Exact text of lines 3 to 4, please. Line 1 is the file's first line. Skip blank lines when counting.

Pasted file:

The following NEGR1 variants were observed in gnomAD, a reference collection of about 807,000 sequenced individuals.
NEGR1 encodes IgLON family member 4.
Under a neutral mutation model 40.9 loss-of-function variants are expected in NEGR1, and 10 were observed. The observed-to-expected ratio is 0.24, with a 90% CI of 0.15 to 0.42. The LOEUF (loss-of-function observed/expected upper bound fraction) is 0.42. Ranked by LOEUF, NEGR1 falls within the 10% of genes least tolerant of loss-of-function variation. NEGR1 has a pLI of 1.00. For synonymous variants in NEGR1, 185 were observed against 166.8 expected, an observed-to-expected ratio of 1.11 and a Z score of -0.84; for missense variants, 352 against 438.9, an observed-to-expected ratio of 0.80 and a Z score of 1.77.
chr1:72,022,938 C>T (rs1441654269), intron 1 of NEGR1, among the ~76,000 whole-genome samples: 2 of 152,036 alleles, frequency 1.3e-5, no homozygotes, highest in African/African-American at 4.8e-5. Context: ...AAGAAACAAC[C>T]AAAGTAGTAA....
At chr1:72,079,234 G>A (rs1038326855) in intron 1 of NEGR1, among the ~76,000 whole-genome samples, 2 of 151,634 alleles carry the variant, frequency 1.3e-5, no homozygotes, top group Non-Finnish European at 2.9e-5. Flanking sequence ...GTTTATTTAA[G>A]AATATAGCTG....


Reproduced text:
Under a neutral mutation model 40.9 loss-of-function variants are expected in NEGR1, and 10 were observed. The observed-to-expected ratio is 0.24, with a 90% CI of 0.15 to 0.42. The LOEUF (loss-of-function observed/expected upper bound fraction) is 0.42. Ranked by LOEUF, NEGR1 falls within the 10% of genes least tolerant of loss-of-function variation. NEGR1 has a pLI of 1.00. For synonymous variants in NEGR1, 185 were observed against 166.8 expected, an observed-to-expected ratio of 1.11 and a Z score of -0.84; for missense variants, 352 against 438.9, an observed-to-expected ratio of 0.80 and a Z score of 1.77.
chr1:72,022,938 C>T (rs1441654269), intron 1 of NEGR1, among the ~76,000 whole-genome samples: 2 of 152,036 alleles, frequency 1.3e-5, no homozygotes, highest in African/African-American at 4.8e-5. Context: ...AAGAAACAAC[C>T]AAAGTAGTAA....